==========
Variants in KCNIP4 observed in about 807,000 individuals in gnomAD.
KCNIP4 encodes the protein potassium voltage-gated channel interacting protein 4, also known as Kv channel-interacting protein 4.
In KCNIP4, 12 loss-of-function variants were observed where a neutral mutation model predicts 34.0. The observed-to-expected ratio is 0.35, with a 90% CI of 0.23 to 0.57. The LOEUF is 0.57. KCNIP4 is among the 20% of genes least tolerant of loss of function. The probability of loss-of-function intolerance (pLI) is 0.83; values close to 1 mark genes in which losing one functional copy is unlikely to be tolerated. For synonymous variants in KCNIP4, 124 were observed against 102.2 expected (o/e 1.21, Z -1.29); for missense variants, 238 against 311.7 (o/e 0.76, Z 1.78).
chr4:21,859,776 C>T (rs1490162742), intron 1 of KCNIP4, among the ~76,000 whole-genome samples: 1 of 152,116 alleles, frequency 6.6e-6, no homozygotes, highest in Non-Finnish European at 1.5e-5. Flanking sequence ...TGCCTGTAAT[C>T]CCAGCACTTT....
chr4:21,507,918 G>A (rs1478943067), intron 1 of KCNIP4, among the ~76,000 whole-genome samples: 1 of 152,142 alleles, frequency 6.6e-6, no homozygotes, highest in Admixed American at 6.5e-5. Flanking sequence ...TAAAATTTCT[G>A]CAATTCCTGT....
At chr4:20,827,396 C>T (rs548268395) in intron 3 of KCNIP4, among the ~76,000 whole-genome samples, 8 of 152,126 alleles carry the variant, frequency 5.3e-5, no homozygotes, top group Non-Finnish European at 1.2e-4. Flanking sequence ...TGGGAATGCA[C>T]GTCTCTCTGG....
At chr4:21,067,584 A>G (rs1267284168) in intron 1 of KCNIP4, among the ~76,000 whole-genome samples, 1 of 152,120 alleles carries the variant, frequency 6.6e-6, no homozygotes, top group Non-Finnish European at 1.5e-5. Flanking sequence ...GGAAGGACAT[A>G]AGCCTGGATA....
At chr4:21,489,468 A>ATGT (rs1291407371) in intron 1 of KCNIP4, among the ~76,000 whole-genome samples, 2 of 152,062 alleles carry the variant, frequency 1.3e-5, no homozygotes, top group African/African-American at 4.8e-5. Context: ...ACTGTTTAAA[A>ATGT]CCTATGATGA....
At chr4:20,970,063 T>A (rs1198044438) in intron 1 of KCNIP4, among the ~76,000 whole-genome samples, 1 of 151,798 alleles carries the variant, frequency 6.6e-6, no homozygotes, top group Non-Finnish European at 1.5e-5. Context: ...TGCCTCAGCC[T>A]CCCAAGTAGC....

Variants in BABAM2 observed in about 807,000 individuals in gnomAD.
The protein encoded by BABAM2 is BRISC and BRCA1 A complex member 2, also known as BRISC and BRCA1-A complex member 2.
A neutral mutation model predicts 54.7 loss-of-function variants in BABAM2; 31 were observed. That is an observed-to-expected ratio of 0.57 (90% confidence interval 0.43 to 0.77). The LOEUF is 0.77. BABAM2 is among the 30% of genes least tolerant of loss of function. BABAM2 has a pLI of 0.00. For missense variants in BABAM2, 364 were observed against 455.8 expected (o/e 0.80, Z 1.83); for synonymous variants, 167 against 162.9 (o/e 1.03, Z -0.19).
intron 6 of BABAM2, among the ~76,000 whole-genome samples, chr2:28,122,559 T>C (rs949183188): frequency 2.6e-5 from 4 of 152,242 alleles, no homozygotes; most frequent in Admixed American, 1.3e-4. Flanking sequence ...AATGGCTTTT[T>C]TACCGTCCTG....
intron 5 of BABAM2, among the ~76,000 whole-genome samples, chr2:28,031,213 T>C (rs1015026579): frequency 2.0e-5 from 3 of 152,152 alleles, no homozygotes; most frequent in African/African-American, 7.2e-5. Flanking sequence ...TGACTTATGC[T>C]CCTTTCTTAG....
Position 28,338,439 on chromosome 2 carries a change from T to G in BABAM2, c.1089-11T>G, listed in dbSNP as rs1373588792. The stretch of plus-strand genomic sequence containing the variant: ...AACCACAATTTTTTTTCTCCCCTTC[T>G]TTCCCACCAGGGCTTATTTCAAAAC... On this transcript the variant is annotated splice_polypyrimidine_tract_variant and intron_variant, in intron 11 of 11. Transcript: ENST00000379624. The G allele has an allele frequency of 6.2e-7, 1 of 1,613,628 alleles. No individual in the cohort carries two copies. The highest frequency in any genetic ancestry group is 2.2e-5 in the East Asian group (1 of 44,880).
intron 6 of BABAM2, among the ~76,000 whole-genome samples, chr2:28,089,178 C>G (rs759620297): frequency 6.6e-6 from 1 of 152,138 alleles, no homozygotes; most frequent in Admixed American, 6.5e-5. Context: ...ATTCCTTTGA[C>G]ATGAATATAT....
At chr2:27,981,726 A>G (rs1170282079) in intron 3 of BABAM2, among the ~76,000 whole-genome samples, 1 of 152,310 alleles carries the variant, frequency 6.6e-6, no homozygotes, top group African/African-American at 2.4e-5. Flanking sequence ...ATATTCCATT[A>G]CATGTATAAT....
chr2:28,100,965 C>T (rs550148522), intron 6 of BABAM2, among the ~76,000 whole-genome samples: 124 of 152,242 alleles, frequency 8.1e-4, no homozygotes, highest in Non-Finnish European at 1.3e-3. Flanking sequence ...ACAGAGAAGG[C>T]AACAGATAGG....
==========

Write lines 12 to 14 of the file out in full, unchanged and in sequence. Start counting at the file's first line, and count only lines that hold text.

A neutral mutation model predicts 54.7 loss-of-function variants in BABAM2; 31 were observed. That is an observed-to-expected ratio of 0.57 (90% confidence interval 0.43 to 0.77). The LOEUF is 0.77. BABAM2 is among the 30% of genes least tolerant of loss of function. BABAM2 has a pLI of 0.00. For missense variants in BABAM2, 364 were observed against 455.8 expected (o/e 0.80, Z 1.83); for synonymous variants, 167 against 162.9 (o/e 1.03, Z -0.19).
intron 6 of BABAM2, among the ~76,000 whole-genome samples, chr2:28,122,559 T>C (rs949183188): frequency 2.6e-5 from 4 of 152,242 alleles, no homozygotes; most frequent in Admixed American, 1.3e-4. Flanking sequence ...AATGGCTTTT[T>C]TACCGTCCTG....
intron 5 of BABAM2, among the ~76,000 whole-genome samples, chr2:28,031,213 T>C (rs1015026579): frequency 2.0e-5 from 3 of 152,152 alleles, no homozygotes; most frequent in African/African-American, 7.2e-5. Flanking sequence ...TGACTTATGC[T>C]CCTTTCTTAG....